Yaz Side Effects

Yaz (parent company Bayer), also known as Yasmin, contains the hormonal synthetic known as Drospirenone.

Wikipedia , the FDA and Drugs.com consider it a less than entirely safe contraceptive.

It is a birth control pharmaceutical that hardens the cervical walls and the uterus, thus preventing the traveling of sperm up the canal to impregnate the female.

Ovulation is prevented as well, and the drug is considered remarkably effective in not only birth control but, interestingly enough, acne treatment.

One of the least pleasurable of the Yaz side effects is that it produces secretions in the uterus that are highly absorbent of moisture, similar to the properties of concentrated alcohol, and can create vaginal dryness, as well as the need for lubrication during sexual intercourse.

A great deal of controversy has been generated about some of the other Yaz side effects that manifest themselves in patients who used the drug.

What you should know about Yaz Side Effects?

Yaz side effects include the frightening possibility of thromboembolism (a blockage in the blood stream) that literally manifests itself as a “log jam” in blood vessels, a condition that can lead to coronary occlusion or myocardial infarction (heart attack). (see also imitrex side effects)

Most problematic of the Yaz side effects, according to FDA studies, is the possibility of birth defects; (read about paxil birth defects) as many websites warn (among them Better Health), Yaz should absolutely not be administered to pregnant women.

There already exist numerous litigations in the courts regarding improper, harmful and lethal uses of Yaz in patients whose families are seeking restitution from the drug company Bayer, the aegis of Yaz, for “overstating the approved uses of Yaz” (Wiki). (see also class action drug lawsuits)

Other difficult and painful Yaz side effects include breast pain, menstrual bleeding, abdominal cramps, nausea and vomiting.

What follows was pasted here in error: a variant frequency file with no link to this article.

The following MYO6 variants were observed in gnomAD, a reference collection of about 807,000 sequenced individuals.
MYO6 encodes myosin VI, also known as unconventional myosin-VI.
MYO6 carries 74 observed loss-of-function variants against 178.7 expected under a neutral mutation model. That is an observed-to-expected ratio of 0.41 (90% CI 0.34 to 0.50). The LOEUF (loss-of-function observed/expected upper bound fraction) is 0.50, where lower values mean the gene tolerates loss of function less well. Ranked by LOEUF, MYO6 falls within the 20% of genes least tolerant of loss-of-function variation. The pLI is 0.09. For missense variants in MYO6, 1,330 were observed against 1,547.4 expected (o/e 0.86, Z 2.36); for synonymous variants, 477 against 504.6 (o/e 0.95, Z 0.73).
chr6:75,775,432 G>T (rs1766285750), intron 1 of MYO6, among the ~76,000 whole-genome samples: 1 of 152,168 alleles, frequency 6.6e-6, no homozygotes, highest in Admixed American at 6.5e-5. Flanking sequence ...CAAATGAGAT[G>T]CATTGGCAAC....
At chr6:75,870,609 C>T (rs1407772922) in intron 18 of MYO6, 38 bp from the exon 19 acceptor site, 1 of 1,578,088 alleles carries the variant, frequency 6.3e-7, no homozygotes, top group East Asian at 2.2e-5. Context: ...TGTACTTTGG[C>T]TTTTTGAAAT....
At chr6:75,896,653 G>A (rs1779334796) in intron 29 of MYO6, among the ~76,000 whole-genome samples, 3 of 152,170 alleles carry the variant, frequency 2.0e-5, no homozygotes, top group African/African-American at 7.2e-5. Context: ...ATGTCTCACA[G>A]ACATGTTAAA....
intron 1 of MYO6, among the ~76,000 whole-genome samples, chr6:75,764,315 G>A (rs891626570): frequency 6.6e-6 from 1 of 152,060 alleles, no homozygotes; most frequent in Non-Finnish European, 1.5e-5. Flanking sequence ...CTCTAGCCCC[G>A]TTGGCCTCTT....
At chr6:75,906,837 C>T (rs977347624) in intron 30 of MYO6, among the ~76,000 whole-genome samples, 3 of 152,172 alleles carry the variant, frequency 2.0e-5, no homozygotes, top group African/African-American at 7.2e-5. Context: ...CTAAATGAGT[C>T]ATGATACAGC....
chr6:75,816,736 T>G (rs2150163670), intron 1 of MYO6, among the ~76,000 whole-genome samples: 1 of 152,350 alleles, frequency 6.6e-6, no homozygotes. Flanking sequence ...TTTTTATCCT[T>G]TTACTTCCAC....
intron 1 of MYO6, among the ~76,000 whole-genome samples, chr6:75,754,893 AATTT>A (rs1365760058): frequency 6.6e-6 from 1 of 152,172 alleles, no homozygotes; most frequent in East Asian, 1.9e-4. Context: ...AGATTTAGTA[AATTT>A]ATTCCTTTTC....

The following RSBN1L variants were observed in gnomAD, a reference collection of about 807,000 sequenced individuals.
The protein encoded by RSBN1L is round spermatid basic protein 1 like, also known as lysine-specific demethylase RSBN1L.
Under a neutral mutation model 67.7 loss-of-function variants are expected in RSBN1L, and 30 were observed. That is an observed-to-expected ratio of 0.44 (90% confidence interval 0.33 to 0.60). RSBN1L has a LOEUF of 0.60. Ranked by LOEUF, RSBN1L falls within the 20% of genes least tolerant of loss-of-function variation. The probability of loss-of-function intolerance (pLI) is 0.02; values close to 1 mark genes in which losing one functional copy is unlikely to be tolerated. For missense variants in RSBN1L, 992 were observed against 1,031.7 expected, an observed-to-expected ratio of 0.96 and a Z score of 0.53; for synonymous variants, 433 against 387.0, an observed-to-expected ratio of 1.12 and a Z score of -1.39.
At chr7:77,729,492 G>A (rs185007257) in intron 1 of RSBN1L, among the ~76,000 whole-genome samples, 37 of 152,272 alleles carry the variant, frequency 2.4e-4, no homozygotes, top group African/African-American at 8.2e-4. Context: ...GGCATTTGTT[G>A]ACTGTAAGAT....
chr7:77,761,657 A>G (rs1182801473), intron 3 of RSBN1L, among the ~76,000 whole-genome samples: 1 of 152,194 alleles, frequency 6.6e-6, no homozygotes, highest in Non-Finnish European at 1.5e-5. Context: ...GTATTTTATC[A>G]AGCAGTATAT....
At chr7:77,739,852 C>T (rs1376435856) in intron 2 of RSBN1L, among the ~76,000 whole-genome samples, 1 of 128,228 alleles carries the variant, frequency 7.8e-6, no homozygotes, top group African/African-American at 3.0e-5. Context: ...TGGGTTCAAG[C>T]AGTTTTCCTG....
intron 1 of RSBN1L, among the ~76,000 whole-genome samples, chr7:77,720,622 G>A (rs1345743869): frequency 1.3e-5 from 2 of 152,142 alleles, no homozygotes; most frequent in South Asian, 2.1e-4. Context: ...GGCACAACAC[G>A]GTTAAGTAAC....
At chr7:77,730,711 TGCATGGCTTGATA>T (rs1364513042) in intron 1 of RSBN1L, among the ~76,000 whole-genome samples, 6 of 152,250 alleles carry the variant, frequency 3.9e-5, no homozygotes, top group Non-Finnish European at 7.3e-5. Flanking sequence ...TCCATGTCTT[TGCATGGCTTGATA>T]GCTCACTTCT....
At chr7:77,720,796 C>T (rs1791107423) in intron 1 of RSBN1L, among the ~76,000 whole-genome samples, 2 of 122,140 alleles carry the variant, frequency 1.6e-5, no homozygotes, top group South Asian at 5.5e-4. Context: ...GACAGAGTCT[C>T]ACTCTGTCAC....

Even more alarming are the potential allergic effects—a reaction to Yaz might carry serious health consequences, including hives, shortness of breath, swelling (mouth or limbs), joint pain, disorientation, chronic itching and vaginal bleeding.  The intensity of these reactions is what causes the FDA to adapt its watchdog policy regarding this contraceptive drug.

This policy of “let’s see where it all goes” is not proving popular with the public at large, and the failure of Bayer to properly research and study the medication before releasing it is regarded as criminal negligence by some researchers.

As mentioned, many patients are suing Bayer; in an interesting adjunct, many researchers have joined these individuals in court fights.

The FDA requires all doctors and similar health professionals to warn patients about Yaz side effects, and educate their patients as much as possible to the potential dangers of the drug.

As a result of this controversy, most health providers no longer regard Yaz as a safe first line agent in contraception.

Most websites that researched Yaz give the caveat that not all the potential symptoms have been observed or yet discovered.

If you are concerned or have questions about Yaz, consult your medical professional.

http://www.fda.gov/Safety/MedWatch/SafetyInformation/ucm211766.htm
http://www.drugs.com/yasmin.html
http://berlex.bayerhealthcare.com/html/products/pi/fhc/Yasmin_PI.pdf?WT.mc_id=www.berlex.com
http://www.betterhealth.vic.gov.au/bhcv2/bhcarticles.nsf/pages/Birth_defects_and_drug
http://pharma.bayer.com/scripts/pages/en/news_room/news_room/news_room89.php